Is drag even real?

What is drag? What does it mean? How is that meaning changing? And when the meaning of drag changes, does it even exist anymore? I don’t have answers to these questions, but these ideas have been swimming around in my head this week. I’ve been co-teaching a class about drag and occasionally we have talked about the idea that drag might extend it’s meaning beyond the performance of gender to other categories which are cultural and performative. I don’t want to say I’m giving answers here, but just exploring some of those swirling questions a little – particularly, if a woman is performing a type of woman which contradicts her everyday identity, is that drag or is it acting? And why is drag different from acting?

I’m completely in two minds about this, and there are convincing arguments on both sides. Is drag only drag if there is some cross dressing element to it (and do I include the double cross-dressed performances of faux queens in that category)?

Well first, I absolutely do consider faux queen performances to be a type of double cross-dressing, in the sense that female bodied folks are imposing a type of female aesthetic on themselves which is more commonly associated with male drag queens. In many ways, I find getting into female drag to be a far more masculine experience than I would feel in my everyday life as a woman. There is something about it which feels like you are performing a boy who is performing a lady. In that sense faux queens are women dressing as men dressing and women – and if cross dressing is important to drag, then faux queen performance certainly is drag (a kind of double drag). Phew!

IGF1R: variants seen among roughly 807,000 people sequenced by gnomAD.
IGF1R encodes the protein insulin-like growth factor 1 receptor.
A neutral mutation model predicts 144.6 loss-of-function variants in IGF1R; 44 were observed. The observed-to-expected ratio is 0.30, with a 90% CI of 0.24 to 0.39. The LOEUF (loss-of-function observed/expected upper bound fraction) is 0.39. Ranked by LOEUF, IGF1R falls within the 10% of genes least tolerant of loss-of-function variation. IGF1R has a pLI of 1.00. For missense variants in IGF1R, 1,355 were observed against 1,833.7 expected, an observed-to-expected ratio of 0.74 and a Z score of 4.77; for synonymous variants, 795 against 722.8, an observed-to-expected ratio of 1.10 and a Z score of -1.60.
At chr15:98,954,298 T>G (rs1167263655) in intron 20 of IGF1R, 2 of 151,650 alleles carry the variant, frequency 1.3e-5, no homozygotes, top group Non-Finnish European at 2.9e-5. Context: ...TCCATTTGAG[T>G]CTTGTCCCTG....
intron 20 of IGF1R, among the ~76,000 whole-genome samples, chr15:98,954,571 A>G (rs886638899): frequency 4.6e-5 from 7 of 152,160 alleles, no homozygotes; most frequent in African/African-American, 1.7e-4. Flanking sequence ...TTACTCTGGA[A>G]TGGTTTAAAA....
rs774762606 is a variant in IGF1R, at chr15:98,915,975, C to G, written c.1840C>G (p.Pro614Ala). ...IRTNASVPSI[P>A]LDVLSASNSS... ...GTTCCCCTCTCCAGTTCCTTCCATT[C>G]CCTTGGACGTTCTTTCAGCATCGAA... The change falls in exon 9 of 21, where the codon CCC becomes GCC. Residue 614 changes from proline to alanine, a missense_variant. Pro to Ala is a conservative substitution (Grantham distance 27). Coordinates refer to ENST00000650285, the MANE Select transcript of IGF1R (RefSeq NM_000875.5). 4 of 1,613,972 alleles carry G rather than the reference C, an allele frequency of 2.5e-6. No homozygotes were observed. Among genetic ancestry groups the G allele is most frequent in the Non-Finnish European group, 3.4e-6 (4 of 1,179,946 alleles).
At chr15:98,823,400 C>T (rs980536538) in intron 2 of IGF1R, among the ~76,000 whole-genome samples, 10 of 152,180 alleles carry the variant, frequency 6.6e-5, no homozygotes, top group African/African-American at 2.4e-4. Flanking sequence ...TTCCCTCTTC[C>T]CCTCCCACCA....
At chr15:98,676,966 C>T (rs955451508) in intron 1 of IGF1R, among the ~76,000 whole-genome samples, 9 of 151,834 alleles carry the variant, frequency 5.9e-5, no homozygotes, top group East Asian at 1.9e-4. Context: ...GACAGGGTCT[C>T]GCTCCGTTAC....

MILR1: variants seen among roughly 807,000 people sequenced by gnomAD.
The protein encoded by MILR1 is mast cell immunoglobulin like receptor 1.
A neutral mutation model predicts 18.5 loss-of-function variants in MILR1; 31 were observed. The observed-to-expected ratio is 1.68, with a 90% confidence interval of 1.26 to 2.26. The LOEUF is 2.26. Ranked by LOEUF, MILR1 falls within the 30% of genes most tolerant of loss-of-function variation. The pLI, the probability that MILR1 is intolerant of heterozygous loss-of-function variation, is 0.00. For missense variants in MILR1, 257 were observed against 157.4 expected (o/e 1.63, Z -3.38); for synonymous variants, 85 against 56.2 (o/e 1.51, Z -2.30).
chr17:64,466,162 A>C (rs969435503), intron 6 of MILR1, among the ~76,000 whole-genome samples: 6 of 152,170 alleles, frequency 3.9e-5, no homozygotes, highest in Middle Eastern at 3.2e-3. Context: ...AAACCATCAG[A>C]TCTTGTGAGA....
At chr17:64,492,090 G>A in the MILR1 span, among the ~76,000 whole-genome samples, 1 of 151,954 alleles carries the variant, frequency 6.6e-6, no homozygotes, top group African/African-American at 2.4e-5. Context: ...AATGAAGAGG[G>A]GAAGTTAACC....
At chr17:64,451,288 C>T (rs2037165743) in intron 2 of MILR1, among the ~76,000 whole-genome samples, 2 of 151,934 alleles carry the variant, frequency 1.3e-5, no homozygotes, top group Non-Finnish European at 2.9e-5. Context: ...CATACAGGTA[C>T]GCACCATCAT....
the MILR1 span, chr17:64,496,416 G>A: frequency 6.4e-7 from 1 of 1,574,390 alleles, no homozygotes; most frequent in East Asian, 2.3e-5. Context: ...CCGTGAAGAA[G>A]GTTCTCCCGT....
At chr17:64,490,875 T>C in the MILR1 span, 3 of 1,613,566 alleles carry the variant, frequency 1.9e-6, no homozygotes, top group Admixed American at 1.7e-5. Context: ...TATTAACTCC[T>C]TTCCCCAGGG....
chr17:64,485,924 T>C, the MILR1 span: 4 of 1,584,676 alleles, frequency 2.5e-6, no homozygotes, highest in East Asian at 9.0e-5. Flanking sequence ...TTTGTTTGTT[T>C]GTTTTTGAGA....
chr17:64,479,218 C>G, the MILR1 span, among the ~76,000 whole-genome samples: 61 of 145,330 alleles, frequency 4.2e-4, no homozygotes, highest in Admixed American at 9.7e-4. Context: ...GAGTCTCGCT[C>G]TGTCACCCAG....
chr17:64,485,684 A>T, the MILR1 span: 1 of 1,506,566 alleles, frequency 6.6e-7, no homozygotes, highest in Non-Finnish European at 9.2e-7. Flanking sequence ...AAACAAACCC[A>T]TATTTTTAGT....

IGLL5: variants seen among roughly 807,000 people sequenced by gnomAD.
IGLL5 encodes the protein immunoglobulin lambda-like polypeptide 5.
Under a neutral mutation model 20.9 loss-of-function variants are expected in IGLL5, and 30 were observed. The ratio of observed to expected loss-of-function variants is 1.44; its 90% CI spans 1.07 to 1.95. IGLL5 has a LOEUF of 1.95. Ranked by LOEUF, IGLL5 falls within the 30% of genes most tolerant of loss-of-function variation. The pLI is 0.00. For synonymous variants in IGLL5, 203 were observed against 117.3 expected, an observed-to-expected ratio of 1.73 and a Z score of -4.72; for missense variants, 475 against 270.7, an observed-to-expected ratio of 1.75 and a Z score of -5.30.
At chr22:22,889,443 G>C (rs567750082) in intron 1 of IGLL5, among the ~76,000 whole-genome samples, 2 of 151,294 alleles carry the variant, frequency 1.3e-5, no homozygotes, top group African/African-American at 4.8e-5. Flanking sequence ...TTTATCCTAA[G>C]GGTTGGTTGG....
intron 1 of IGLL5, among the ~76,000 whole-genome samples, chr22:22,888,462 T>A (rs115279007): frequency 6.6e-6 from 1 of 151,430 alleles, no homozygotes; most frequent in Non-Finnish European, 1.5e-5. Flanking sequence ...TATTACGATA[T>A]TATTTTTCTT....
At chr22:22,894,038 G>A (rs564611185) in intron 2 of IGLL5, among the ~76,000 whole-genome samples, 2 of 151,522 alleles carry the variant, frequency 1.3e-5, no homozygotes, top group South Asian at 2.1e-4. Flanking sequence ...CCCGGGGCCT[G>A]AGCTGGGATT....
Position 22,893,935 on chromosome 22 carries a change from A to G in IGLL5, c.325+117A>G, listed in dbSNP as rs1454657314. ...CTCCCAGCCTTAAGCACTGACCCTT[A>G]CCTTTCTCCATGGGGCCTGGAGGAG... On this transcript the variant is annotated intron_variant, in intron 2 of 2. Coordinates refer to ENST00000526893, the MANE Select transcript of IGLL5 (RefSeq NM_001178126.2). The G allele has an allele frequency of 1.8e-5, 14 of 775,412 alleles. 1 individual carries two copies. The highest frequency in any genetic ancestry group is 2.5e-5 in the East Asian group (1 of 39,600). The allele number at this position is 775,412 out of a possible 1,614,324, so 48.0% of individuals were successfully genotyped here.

The other question is are women who perform as women (say in a play or TV show) in drag? For example we might think of Jennifer Saunders and Joanna Lumley in Abfab as Eddie and Patsy to be in drag. But are they doing drag, or are they acting? They are certainly doing gender, doing class and doing hyperbolic caricature – all important aspects of drag performance – but because there is no cross-dressed element,is it drag? If a man played Patsy would it be different, simply because there is a cross-dressed element? I’m just not sure…

It comes down to cross dressing (and double cross dressing), and that seems to be the all important aspect of drag. I wonder why we are so concerned with that?

 

 

 

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